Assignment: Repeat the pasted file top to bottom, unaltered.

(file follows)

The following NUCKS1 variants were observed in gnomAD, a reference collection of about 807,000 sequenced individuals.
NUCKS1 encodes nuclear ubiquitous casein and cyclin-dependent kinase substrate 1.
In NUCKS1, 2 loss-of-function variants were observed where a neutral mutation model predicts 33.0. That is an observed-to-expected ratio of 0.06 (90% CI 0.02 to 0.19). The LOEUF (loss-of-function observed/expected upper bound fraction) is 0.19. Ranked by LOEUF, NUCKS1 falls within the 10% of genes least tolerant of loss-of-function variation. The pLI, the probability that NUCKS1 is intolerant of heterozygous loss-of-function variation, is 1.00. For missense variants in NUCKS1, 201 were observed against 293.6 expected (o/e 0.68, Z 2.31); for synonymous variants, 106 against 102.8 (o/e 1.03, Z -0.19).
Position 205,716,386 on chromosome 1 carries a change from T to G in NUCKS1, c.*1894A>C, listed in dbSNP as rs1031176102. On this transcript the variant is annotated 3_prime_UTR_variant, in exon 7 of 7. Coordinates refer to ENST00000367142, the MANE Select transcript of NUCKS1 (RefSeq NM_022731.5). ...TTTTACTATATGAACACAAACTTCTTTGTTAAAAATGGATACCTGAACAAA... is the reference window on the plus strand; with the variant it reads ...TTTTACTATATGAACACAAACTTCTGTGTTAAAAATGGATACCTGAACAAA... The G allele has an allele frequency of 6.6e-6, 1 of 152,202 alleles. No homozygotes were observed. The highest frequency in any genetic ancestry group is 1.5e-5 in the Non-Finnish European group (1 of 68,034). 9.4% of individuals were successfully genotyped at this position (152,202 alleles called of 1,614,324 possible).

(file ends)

The following NUCKS1 variants were observed in gnomAD, a reference collection of about 807,000 sequenced individuals.
NUCKS1 encodes nuclear ubiquitous casein and cyclin-dependent kinase substrate 1.
In NUCKS1, 2 loss-of-function variants were observed where a neutral mutation model predicts 33.0. That is an observed-to-expected ratio of 0.06 (90% CI 0.02 to 0.19). The LOEUF (loss-of-function observed/expected upper bound fraction) is 0.19. Ranked by LOEUF, NUCKS1 falls within the 10% of genes least tolerant of loss-of-function variation. The pLI, the probability that NUCKS1 is intolerant of heterozygous loss-of-function variation, is 1.00. For missense variants in NUCKS1, 201 were observed against 293.6 expected (o/e 0.68, Z 2.31); for synonymous variants, 106 against 102.8 (o/e 1.03, Z -0.19).
Position 205,716,386 on chromosome 1 carries a change from T to G in NUCKS1, c.*1894A>C, listed in dbSNP as rs1031176102. On this transcript the variant is annotated 3_prime_UTR_variant, in exon 7 of 7. Coordinates refer to ENST00000367142, the MANE Select transcript of NUCKS1 (RefSeq NM_022731.5). ...TTTTACTATATGAACACAAACTTCTTTGTTAAAAATGGATACCTGAACAAA... is the reference window on the plus strand; with the variant it reads ...TTTTACTATATGAACACAAACTTCTGTGTTAAAAATGGATACCTGAACAAA... The G allele has an allele frequency of 6.6e-6, 1 of 152,202 alleles. No homozygotes were observed. The highest frequency in any genetic ancestry group is 1.5e-5 in the Non-Finnish European group (1 of 68,034). 9.4% of individuals were successfully genotyped at this position (152,202 alleles called of 1,614,324 possible).